Waking Aida – Eschaton

9 Production
10 Composition
8 Mood
9 Instrumentation

Ever wanted to do something silly with your childhood friends? Climb a tree in the backyard, spend whole day laying on the grass watching clouds? Or watch cartoons all morning eating cereals with milk? Or just goofing around with your mates, being perfectly happy and careless. Summer has just begun! Let’s pack a sandwich and some cookies and go exploring nearby forests with your four pals from Waking Aida. You’ve already seen them shortly three times in past years, but this time it seems like your summer trips are going to be longer, and the weather forecast guy said that it’s going to be sunny all the time. This is going to be great! You will travel in time and be knights with sticks as swords, and then become astronauts on a cardboard space shuttle traveling to a space station. You will do a lot more fun things with your pack of mates, but overall you’re going to have a time of your life feeling the warmth of friendship.

RELEASE DATE: 02 June 2014 LABEL: Robot Needs Home Recordings

This is how you may feel (well, I felt this way!) after listening to Waking Aida’s debut album “Eschaton”. Funny thing – the title is Greek word for the end of the world[1], which totally contradicts the fact that this quartet from Southampton recorded the album that can easily be put on the shelf labeled “Top Albums to Make You Smile”. Seems like Waking Aida like to play with listeners in the same way they like to play with sounds. Songs on “Eschaton” gave me the feeling that the band had loads of fun during recording. Being amazing and experienced musicians, Waking Aida are not afraid of strange measures, uneven patterns and rhythmic experiments. They also like to mix loads of musical inspirations. Basically “Eschaton” has a math-rock vibe, but Waking Aida put some indie pop Two Doors Cinema Club-ish motives as well as typical post-rock monologues (taken from Sarah Kay’s piece “B”[2]) or building up. They use typical instrumentation – two guitars, drums and bass which are reinforced by sophisticated and well-fitted electronic sounds but also violins in “Your Tiny Voice is Booming”, which make its climax the most heartwarming and tearjerking part of “Eschaton”.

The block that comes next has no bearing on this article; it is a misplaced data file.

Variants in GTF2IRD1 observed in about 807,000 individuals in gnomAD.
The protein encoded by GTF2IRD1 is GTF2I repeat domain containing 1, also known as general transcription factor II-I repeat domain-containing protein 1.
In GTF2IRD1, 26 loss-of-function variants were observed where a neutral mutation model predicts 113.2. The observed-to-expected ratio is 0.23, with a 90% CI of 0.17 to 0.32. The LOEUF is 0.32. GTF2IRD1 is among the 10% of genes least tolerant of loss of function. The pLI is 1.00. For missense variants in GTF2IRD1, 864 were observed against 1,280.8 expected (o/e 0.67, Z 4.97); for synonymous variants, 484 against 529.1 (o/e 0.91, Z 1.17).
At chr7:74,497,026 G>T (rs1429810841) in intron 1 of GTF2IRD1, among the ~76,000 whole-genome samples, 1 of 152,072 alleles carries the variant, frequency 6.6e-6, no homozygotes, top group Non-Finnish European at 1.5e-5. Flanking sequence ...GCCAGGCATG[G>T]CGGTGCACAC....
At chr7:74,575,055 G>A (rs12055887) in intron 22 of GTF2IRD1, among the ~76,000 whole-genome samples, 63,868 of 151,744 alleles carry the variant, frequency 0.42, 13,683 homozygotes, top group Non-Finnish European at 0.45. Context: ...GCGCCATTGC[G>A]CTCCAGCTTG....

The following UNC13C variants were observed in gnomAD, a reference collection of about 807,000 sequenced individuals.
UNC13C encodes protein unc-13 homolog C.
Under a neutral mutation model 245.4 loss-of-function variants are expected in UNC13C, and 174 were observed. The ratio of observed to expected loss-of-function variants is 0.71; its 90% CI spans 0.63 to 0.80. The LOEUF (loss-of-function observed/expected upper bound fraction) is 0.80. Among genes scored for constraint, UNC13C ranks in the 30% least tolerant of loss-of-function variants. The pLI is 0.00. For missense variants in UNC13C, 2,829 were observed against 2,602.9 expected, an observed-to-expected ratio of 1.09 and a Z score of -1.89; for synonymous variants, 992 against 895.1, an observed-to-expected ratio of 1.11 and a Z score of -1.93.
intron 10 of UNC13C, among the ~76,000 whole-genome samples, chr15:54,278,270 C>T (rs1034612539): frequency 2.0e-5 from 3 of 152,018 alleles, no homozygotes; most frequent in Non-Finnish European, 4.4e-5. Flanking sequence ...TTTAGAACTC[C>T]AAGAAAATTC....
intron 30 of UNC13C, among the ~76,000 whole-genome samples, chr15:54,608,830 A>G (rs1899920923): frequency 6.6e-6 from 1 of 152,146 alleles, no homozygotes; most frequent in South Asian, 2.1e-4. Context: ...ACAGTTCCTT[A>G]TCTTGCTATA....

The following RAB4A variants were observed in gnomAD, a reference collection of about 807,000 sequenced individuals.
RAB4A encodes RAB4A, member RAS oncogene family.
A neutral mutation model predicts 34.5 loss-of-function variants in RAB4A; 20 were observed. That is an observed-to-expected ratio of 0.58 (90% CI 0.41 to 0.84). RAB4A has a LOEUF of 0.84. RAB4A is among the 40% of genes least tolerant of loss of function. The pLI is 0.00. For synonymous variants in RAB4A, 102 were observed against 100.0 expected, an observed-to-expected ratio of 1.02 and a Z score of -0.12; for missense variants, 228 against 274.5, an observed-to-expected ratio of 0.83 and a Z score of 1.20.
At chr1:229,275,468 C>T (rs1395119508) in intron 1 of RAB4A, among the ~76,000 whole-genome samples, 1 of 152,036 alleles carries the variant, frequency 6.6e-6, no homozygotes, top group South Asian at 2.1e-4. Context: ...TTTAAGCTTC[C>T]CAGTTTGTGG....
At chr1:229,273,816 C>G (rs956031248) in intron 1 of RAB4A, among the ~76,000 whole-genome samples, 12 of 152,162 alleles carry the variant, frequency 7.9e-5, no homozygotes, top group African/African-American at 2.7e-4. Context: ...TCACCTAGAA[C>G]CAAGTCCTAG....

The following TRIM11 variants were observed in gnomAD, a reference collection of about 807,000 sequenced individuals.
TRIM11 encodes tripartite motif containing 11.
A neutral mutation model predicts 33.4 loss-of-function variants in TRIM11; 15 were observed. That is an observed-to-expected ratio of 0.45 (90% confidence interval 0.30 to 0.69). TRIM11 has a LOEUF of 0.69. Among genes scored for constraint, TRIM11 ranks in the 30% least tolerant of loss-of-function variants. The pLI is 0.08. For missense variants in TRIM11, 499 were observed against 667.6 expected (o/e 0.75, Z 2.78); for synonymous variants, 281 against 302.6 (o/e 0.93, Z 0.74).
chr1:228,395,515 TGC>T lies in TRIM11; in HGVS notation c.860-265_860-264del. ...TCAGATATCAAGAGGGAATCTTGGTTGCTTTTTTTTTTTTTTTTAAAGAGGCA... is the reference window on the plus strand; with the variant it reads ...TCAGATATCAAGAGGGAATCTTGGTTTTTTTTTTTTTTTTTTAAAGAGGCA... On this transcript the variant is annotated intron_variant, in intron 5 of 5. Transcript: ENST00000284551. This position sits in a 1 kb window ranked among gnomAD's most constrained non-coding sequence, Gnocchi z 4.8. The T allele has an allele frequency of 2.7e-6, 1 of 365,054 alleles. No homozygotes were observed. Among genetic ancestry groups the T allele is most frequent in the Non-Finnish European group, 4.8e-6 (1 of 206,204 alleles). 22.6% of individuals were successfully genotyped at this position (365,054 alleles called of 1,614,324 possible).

Surprisingly, the effect of all this mixing and experimenting is not an overwhelming and monumental opus, but rather a handful of perfectly composed, complex, yet smoothly developing songs that got me from the first listen. Songs are lovely and vernal, perfect to play when you’re feeling good, but also when you’re down as a cheer-up. They create a coherent record, despite the fact that each track seems to tell its own story, full of child’s imagination. “Eschaton” is basically an album that could have been recorded by 3-5 year olds with serious musical training – full of sun, blue sky, green trees and beautiful magic hidden behind every single thing. If this record was a picture it would be an impressionist painting made by Kandinsky – a mind-blowing summer full of colors and shapes.

Funny thing again – the last track is called “This Isn’t Even My Final Form”. What does it suggest? Maybe “Eschaton” and three earlier EPs were just a warm up for Waking Aida before they will smash a second record, which would be even better? Perhaps they just gave this song a random and funny name (just like a kid would do). Whatever it might be, I can’t wait for their next album!

[1] http://www.oxforddictionaries.com/us/definition/american_english/eschaton
[2] http://heartofinquiry.org/2014/03/04/if-i-should-have-a-daughter-by-sarah-kay/


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